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WEEK 3 Problems
Chapters 10-11
Packet
Pages:
Chapters:
Ch. 10: Between-Subjects, One-Way Analysis of Variance
Ch. 11: One-Way, Repeated Measures ANOVA
Refer to Resource Page on CANVAS for:
StatSheets
Table 4, Critical Values of F
Table 5, Studentized Range (q) Values
Online calculator/statistical app links & tutorials
Week 3 CH 10-11 Problems
1-10
11-13
Chapter 10
Between-Subjects, One-Way ANOVA
Ch. 10- Defining Key Terms
Provide definitions for the following key terms:
ANALYSIS OF VARIANCE (ANOVA):
BETWEEN-SUBJECTS, ONE-WAY ANOVA:
FACTOR:
LEVEL:
POST-HOC TEST:
SUM OF SQUARES BETWEEN (SSBetween):
SUM OF SQUARES TOTAL (SSTotal):
SUM OF SQUARES WITHIN (SSWithin):
TREATMENT EFFECT:
Week 3 CH 10-11 Problems
Page 1 of 13
Ch. 10- Identifying Levels of an Independent Variable (or “Factor”)
For each of the following research projects, please indicate the independent and dependent
variable and then specify the levels of the independent variable. (see textbook pp. 329-30 &
Stat Sheet Ch. 10).
Example:
A researcher wants to know if different color cars get hotter in the sunlight. To examine this, samples of
black cars, red cars, & white cars are left in the sunlight for 3 hours on a 70-degree day. Temperature (in
Fahrenheit) of inside cabins measured directly above the steering wheel were compared.
Answer:
Independent Variable = Color of car
Levels = 1. Black, 2. Red, 3. White
Dependent Variable = Temperature (in Fahrenheit)
– – – – – – – – – – – — – – – – – – – – — – – – – – – – – — – – – – – – – – — – – – – – – – – — – – – – – – – – — – – – – – – – – RESEARCH PROJECT:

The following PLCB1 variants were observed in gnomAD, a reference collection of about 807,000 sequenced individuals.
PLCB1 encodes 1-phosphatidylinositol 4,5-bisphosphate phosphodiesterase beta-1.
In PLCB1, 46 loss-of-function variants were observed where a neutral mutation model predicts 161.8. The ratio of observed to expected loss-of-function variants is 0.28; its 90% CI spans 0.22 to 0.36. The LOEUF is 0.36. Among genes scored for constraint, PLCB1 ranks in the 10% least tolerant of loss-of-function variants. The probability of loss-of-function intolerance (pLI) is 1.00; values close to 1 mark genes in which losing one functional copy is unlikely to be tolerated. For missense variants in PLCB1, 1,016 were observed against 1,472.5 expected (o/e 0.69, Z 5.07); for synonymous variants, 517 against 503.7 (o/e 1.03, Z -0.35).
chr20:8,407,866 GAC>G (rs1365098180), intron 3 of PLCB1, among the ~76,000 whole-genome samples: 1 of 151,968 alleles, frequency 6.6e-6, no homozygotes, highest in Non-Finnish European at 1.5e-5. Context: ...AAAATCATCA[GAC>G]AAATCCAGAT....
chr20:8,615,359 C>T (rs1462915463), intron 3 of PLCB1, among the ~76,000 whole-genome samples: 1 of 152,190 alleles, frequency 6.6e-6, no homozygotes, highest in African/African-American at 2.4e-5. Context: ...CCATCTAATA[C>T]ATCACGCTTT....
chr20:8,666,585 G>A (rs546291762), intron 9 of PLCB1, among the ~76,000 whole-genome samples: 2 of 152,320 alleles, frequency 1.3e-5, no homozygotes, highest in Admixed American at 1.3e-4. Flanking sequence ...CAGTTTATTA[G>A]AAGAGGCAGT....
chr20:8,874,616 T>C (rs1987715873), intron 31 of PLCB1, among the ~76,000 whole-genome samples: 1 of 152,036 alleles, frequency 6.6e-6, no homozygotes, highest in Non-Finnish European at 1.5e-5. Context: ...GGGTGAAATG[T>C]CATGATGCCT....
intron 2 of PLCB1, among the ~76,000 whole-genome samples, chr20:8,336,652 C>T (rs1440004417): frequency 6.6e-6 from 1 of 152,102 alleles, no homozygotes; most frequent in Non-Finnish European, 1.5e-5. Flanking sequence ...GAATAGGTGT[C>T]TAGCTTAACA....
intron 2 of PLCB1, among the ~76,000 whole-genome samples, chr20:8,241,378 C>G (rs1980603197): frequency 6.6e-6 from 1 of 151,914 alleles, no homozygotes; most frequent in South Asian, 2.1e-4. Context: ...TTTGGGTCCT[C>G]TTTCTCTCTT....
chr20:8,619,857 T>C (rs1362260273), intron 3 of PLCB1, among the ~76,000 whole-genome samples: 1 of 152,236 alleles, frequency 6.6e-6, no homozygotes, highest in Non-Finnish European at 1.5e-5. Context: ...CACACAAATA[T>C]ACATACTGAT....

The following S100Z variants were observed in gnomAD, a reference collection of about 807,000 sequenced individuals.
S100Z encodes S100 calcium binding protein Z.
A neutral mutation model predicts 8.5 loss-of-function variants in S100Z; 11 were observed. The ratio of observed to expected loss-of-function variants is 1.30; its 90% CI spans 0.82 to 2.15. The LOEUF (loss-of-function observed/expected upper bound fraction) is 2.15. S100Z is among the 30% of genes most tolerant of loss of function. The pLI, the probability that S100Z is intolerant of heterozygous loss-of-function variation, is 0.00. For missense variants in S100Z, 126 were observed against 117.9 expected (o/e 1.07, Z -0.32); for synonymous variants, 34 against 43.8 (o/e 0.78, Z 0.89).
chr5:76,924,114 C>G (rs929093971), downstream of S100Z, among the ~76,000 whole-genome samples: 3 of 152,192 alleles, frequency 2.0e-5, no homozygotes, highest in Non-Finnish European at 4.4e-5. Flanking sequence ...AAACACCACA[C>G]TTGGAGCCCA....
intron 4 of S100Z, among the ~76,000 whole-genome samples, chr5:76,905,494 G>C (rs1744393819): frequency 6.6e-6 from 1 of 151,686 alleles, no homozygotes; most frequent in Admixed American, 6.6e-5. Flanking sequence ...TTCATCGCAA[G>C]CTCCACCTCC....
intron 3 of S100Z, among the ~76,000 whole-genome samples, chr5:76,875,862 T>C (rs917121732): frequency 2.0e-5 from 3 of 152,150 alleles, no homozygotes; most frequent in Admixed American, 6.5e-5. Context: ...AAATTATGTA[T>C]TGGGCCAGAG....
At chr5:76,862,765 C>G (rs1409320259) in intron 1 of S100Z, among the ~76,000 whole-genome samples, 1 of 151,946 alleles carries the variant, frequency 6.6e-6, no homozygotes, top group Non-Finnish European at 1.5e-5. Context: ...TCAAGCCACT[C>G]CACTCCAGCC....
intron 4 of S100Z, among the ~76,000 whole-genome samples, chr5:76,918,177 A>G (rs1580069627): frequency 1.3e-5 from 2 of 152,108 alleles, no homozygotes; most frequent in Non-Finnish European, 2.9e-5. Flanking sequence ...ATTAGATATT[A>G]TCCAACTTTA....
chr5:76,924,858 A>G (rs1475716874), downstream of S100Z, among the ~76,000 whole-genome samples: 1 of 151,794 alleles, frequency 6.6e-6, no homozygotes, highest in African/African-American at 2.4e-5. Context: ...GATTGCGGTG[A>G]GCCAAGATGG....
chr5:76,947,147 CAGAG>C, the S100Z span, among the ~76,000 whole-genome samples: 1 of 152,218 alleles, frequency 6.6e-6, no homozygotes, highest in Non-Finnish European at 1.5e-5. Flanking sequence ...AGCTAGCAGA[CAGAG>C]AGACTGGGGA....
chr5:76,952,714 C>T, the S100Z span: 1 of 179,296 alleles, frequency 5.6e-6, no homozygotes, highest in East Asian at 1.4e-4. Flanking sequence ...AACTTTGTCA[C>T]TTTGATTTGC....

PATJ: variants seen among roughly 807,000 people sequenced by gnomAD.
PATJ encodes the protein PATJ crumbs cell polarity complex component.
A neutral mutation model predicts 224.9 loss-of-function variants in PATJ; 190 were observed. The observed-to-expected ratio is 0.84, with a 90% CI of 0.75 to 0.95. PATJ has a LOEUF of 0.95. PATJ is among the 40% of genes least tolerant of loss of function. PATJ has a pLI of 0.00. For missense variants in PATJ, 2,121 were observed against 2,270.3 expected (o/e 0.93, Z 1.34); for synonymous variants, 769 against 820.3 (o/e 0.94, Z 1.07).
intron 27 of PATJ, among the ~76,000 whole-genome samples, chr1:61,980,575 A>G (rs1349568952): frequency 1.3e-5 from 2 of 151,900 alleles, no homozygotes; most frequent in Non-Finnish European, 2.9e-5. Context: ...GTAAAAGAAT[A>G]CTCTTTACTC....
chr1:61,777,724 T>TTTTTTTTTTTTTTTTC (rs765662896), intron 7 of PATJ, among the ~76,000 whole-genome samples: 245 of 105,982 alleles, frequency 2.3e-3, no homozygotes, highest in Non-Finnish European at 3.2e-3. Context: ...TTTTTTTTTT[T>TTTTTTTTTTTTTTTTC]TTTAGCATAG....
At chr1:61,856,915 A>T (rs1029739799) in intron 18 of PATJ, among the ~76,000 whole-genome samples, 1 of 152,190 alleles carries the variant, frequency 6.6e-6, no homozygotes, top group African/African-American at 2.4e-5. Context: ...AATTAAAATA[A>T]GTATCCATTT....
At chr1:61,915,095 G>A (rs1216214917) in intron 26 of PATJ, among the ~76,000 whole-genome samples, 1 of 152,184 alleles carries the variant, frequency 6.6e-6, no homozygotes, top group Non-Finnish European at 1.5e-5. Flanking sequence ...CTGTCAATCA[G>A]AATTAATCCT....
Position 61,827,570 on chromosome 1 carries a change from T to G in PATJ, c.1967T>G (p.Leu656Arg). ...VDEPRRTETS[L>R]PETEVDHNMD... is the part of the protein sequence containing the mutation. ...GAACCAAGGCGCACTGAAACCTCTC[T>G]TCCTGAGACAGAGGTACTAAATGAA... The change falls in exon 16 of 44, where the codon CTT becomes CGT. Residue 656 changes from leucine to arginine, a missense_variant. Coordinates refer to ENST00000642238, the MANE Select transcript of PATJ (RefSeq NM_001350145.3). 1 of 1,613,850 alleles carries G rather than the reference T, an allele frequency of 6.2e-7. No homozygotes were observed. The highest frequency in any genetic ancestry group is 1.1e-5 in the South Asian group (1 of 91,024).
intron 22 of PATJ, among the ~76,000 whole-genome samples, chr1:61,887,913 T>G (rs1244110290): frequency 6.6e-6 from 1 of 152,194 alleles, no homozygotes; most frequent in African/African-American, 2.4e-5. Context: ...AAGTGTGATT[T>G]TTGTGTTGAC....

1. You want to know how color influences taste perception. Each group of participants is given
colored “tea,” which is actually just colored plain water. One group has cups with red fluid, a
second group has brown fluid, and the third group has orange fluid. The participants are to
describe the flavor of each tea and rate how well they liked each tea.
ANSWER:
2. You want to know if music can influence heart rate. Some participants sit in a quiet room,
others hear loud heavy-metal music, while others hear soothing classical music, and another
group hears upbeat pop music. All participants have their heart rate checked after five
minutes.
ANSWER:
3. Ryan, Hatfield, and Hofstetter investigated the effects of caffeine on memory in older adults.
All participants were between the ages of 70 and 80. One group of participants was given
decaf coffee, one group was given half-caf coffee, and one group was given full-strength
caffeinated coffee. After finishing their coffee, participants were given 16 words to memorize.
They then took both a free recall and a recognition test on the words.
ANSWER:
Week 3 CH 10-11 Problems
Page 2 of 13
Ch. 10- Looking Up Critical Values of F (Fcv) in Table 4 & Marking the
Rare & Common Zones
For each of the following studies, look up the critical value of F (Table 4) that separates the rare zone
from the common zone & mark on the sampling distribution of the F ratio. (see textbook pp. 340-343
& Stat Sheet Ch. 10). There is also an on-line calculator for finding the critical values.